ITHACA, N.Y. — In a month where half of the days have had recorded rainfall, a dry spell would be a welcome reprieve. It looks like this last weekend of July will grant that wish.
As an unusually winter-like storm system develops over the Mid-Atlantic and drops impressive rainfall amounts on the Washington D.C. and Philadelphia areas, conditions for the Southern Tier and Tompkins County should be generally okay, remaining dry with some mixed clouds and sun on Saturday and Sunday. High temperatures will be a tad below the climatological average for this time in the year, in the mid to upper 70s F, with lows in the mid 50s F, and possibly a few lows near 50 in the higher elevations Saturday night into Sunday morning. The rule of thumb this weekend will be, the further south and southeast one goes, the cloudier it will be, and the greater the chance for rain.
Thinking of the developing storm system in a winter context, normally with a big coastal event, the counterclockwise (cyclonic) circulation of northern hemisphere storms draws in cold air from Canada, often triggering lake effect, bitter chills and the latest round of gripes and moans. But placed in a summery environment, the region experiences comparatively cool but still mild temperatures. Another benefit is that this time of the year, the lake water is cooler than the air passing above, so instead of destabilizing the air to allow lake effect development, it does the exact opposite, stabilizing the air over Ontario and the Finger Lakes and limiting the formation of clouds over downstream shorelines.
The rain should stay well to the south of Ithaca as the storm strengthens and slowly but steadily heads eastward, over the open waters of the Atlantic. Some of rainfall amounts from D.C. and through South Jersey will exceed 5 inches, with isolated locations of 6″+ by the time the system has fully moved on. For comparison’s sake, Ithaca’s rainy July has totaled 6.57″ at the NRCC/Cornell Game Farm Road weather station. If all that comes in a 24-hour or 36-hour span, flooding becomes a high risk possibility. As if this area wasn’t aware of that.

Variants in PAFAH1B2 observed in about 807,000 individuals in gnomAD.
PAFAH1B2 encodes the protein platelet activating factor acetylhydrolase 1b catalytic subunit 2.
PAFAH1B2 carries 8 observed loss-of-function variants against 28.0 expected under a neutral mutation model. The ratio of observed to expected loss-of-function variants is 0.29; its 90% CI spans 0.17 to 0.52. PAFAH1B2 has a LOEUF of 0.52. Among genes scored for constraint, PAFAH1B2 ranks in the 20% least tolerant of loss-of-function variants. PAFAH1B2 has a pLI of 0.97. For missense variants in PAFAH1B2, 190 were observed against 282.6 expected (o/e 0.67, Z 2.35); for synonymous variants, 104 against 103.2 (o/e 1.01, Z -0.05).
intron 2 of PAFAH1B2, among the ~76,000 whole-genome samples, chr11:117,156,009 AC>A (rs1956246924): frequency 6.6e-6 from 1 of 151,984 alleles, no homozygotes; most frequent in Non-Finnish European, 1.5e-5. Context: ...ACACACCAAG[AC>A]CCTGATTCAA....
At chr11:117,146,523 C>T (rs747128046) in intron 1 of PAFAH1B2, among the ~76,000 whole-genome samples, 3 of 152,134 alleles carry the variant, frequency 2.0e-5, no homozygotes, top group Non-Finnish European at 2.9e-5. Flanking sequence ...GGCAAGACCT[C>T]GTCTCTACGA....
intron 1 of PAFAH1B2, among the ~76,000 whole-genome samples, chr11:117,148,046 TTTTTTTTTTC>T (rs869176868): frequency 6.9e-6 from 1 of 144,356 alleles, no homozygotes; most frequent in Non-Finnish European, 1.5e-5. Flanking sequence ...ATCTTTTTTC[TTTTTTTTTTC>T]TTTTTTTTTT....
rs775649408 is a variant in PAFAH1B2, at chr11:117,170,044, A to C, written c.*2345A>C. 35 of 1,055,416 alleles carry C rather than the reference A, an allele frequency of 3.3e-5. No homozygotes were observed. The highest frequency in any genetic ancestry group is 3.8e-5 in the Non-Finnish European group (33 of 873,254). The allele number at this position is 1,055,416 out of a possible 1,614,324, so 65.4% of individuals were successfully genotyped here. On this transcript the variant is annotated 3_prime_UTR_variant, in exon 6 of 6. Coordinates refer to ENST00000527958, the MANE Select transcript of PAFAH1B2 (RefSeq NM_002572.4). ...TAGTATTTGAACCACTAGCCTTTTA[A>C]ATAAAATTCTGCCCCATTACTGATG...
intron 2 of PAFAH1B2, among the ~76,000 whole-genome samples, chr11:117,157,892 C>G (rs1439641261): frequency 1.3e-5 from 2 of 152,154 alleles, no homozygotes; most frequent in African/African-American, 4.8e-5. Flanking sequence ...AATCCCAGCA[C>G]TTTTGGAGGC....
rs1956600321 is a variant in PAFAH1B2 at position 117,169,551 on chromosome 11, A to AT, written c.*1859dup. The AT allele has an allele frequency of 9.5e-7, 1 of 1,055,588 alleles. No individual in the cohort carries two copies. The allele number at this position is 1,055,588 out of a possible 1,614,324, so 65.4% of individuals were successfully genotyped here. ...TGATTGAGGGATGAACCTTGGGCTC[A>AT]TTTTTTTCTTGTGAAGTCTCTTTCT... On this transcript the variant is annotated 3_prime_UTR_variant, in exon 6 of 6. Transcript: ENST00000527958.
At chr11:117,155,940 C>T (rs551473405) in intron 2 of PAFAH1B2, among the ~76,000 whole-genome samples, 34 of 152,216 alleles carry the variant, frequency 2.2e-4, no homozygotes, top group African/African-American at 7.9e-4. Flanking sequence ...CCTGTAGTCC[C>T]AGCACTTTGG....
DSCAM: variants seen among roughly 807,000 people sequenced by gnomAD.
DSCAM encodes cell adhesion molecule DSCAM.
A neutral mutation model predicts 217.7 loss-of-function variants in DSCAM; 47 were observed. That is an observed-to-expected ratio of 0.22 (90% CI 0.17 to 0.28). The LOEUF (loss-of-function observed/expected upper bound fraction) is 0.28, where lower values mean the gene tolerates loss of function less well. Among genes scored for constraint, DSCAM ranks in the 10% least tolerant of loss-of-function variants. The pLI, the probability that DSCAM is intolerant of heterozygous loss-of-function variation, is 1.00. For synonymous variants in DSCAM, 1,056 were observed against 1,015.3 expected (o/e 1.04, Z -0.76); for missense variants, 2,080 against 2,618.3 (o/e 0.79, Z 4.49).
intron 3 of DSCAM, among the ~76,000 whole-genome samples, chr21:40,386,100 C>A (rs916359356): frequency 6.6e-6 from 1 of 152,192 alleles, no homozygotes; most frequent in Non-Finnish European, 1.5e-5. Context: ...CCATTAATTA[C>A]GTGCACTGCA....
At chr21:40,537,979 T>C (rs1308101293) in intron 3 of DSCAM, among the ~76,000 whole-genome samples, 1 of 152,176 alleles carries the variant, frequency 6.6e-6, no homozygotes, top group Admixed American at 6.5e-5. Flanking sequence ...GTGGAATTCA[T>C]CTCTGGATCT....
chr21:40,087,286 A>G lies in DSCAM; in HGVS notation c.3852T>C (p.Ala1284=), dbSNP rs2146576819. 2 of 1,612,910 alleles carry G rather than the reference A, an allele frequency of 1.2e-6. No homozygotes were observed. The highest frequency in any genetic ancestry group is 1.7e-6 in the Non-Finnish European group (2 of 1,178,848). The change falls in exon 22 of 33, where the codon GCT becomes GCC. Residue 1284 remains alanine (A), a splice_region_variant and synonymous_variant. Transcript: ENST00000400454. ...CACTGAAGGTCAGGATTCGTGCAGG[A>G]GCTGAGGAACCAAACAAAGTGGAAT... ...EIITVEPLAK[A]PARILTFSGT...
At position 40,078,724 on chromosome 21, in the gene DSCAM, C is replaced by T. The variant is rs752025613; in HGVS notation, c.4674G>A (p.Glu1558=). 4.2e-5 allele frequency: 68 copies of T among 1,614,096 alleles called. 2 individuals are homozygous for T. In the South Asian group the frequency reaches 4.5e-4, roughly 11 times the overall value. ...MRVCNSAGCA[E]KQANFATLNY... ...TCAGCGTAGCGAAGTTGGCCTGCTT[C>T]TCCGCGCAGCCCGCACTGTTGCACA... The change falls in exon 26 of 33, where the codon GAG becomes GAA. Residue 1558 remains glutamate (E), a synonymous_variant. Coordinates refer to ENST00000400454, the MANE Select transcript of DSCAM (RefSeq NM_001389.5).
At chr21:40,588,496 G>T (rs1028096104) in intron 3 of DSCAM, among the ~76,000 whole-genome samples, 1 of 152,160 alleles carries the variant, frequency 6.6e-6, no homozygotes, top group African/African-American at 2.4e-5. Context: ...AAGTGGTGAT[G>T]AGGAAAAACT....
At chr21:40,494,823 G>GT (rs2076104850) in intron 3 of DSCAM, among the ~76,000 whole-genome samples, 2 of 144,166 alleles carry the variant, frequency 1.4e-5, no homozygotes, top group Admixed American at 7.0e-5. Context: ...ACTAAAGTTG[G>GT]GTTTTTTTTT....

Looking ahead, this rare stroke of pleasant weather should continue into the early part of next week. The jet stream aloft is holding firm in a wave pattern that creates a ridge of hot air over the Western continental U.S. (WCONUS), and a trough that lets cooler air flow down from northern climes and over the Eastern U.S. (ECONUS). This means that any heatwaves are unlikely for the next several days, and temperatures should be around normal, low 80s for highs and low 60s overnight. Later in the week, it’s looking like there may be a shortwave trough embedded in the larger upper-level weather pattern, in attendance with a modest near-surface cold front that could trigger some showers and thunderstorms later in the week.
Overall, we’re looking at quiet, seasonable and dry – perfect opportunity to make some summer memories in this otherwise waterlogged season.